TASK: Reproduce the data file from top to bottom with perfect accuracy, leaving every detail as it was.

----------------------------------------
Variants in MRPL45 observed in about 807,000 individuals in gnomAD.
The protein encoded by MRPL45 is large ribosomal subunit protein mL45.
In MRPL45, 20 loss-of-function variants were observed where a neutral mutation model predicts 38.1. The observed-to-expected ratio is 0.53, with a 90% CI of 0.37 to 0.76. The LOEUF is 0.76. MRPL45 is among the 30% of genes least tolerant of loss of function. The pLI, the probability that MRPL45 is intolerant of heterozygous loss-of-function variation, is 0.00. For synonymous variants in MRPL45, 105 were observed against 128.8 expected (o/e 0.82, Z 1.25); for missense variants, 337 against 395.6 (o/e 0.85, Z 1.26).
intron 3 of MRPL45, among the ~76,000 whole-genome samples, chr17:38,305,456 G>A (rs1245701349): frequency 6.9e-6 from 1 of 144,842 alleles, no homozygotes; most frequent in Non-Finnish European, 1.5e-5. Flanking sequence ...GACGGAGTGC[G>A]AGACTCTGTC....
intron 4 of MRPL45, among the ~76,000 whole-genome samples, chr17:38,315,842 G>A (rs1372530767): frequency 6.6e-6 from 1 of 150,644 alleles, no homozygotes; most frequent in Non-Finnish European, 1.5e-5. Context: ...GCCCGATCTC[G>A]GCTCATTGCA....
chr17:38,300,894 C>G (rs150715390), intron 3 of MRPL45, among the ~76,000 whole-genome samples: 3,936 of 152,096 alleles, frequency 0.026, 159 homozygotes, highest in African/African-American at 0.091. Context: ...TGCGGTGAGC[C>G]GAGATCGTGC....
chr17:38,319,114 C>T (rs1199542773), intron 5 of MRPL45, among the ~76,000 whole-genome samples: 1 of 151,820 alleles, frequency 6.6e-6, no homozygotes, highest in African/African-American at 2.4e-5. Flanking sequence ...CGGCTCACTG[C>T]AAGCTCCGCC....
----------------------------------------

Variants in MRPL45 observed in about 807,000 individuals in gnomAD.
The protein encoded by MRPL45 is large ribosomal subunit protein mL45.
In MRPL45, 20 loss-of-function variants were observed where a neutral mutation model predicts 38.1. The observed-to-expected ratio is 0.53, with a 90% CI of 0.37 to 0.76. The LOEUF is 0.76. MRPL45 is among the 30% of genes least tolerant of loss of function. The pLI, the probability that MRPL45 is intolerant of heterozygous loss-of-function variation, is 0.00. For synonymous variants in MRPL45, 105 were observed against 128.8 expected (o/e 0.82, Z 1.25); for missense variants, 337 against 395.6 (o/e 0.85, Z 1.26).
intron 3 of MRPL45, among the ~76,000 whole-genome samples, chr17:38,305,456 G>A (rs1245701349): frequency 6.9e-6 from 1 of 144,842 alleles, no homozygotes; most frequent in Non-Finnish European, 1.5e-5. Flanking sequence ...GACGGAGTGC[G>A]AGACTCTGTC....
intron 4 of MRPL45, among the ~76,000 whole-genome samples, chr17:38,315,842 G>A (rs1372530767): frequency 6.6e-6 from 1 of 150,644 alleles, no homozygotes; most frequent in Non-Finnish European, 1.5e-5. Context: ...GCCCGATCTC[G>A]GCTCATTGCA....
chr17:38,300,894 C>G (rs150715390), intron 3 of MRPL45, among the ~76,000 whole-genome samples: 3,936 of 152,096 alleles, frequency 0.026, 159 homozygotes, highest in African/African-American at 0.091. Context: ...TGCGGTGAGC[C>G]GAGATCGTGC....
chr17:38,319,114 C>T (rs1199542773), intron 5 of MRPL45, among the ~76,000 whole-genome samples: 1 of 151,820 alleles, frequency 6.6e-6, no homozygotes, highest in African/African-American at 2.4e-5. Flanking sequence ...CGGCTCACTG[C>T]AAGCTCCGCC....